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Can I sue person who gave me herpes, chlamydia, HIV or other STD in Virginia?

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April 5, 2020 by Tom Roberts, Esq.

A: Yes--You may sue the person who failed to disclose known STDs to you when engaging in sexual relations for battery and intentional infliction of emotional distress.

Since 2005, the Virginia Supreme Court stated that engaging in private, consensual sexual intercourse, even if traditionally viewed as immoral, will not serve as a defense to a claim for battery where the sexual partner failed to disclose the known STD.  

 

The rule applied in Zysk was that “a party who consents to and participates in an immoral and illegal act cannot recover damages from other participants for the consequence of that act.” 239 Va. at 34, 404 S.E.2d at 722 (quoting Miller v. Bennett, 190 Va. 162, 164-65, 56 S.E.2d 217, 218 (1949)). We adhere to that rule. However, in light of our determination regarding the constitutionality of Code § 18.2-344, the sexual activity between Martin and Ziherl was not illegal and “the fact that the governing majority in a State has traditionally viewed a particular practice as immoral is not a sufficient reason for upholding a law prohibiting the practice.” Lawrence, 539 U.S. at 577. Therefore, Zysk is no longer controlling precedent to the extent that its holding applies to private, consensual sexual intercourse.

Martin v. Ziherl, 269 Va. 35, 43, 607 S.E.2d 367, 371 (2005)

CAUTION: The court dealt with 2 unmarried individuals engaged in consensual intercourse — the case did not address adulterous relations.  The court stated “We adhere to that rule” referring to the rule in Zysk, that “a party who consents to and participates in an immoral and illegal act cannot recover damages from other participants for the consequences of that act.”

The Virginia Supreme Court dealt with a similar issue involving the transmission of the HIV virus. Delk v. Columbia HCA Healthcare Corp., 259 Va. 125, 137, 523 S.E.2d 826 (2000). The Supreme Court noted that HIV, which is transmittable sexually or through an exchange of bodily fluids, can develop into AIDS, a fatal disease. Id. The court opined that a fact-finder could conclude that the defendants acted recklessly and committed IIED if they presented evidence at a trial that the defendants knew she may have been exposed  to HIV, but failed to inform her so that she could have taken preventive action to avoid transmission of the fatal disease to her husband. Id. The court further held that the defendant explicitly alleged that “she has incurred and will incur in the future hospital, doctors’ and related bills in an effort to be cured of injuries. Id. The Virginia Supreme Court found a reasonable inference that the plaintiff incurred previous medical treatment and would incur medical treatment in the future as a result of her exposure to HIV. Id.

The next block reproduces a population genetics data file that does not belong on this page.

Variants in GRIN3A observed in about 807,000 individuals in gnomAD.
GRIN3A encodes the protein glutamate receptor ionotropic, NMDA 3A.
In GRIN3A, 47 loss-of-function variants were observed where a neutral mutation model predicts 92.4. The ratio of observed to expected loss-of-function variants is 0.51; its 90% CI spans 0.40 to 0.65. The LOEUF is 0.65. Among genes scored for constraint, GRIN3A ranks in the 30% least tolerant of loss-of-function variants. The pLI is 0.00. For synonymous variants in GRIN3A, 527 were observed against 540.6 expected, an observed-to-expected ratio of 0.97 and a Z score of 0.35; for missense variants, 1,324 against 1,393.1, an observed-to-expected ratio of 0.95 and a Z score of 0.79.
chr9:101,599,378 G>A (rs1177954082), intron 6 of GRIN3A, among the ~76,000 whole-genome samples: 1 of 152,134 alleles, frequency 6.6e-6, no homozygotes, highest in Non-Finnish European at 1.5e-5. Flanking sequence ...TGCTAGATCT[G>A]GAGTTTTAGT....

Hicks v. Martin, No. CL-20-668, 2020 Va. Cir. LEXIS 207, at *8-9 (Cir. Ct. Nov. 2, 2020)

Shift in Legal Framework - Lawrence v Texas - Law of the Land

The present case does not involve minors. It does not involve persons who might be injured or coerced or who are situated in relationships where consent might not easily be refused. It does not involve public conduct or prostitution. It does not involve whether the government must give formal recognition to any relationship that homosexual persons seek to enter. The case does involve two adults who, with full and mutual consent from each other, engaged in sexual practices common to a homosexual lifestyle. The petitioners are entitled to respect for their private lives.  The State cannot demean their existence or control their destiny by making their private sexual conduct a crime. Their right to liberty under the Due Process Clause gives them the full right to engage in their conduct without intervention of the government. “It is a promise of the Constitution that there is a realm of personal liberty which the government may not enter.” Caseysupra, at 847, 120 L Ed 2d 674, 112 S Ct 2791.  The Texas statute furthers no legitimate state interest which can justify its intrusion into the personal and private life of the individual.

Lawrence v. Texas, 539 U.S. 558, 578, 123 S. Ct. 2472, 2484 (2003)

Another Court's Look at Virginia Law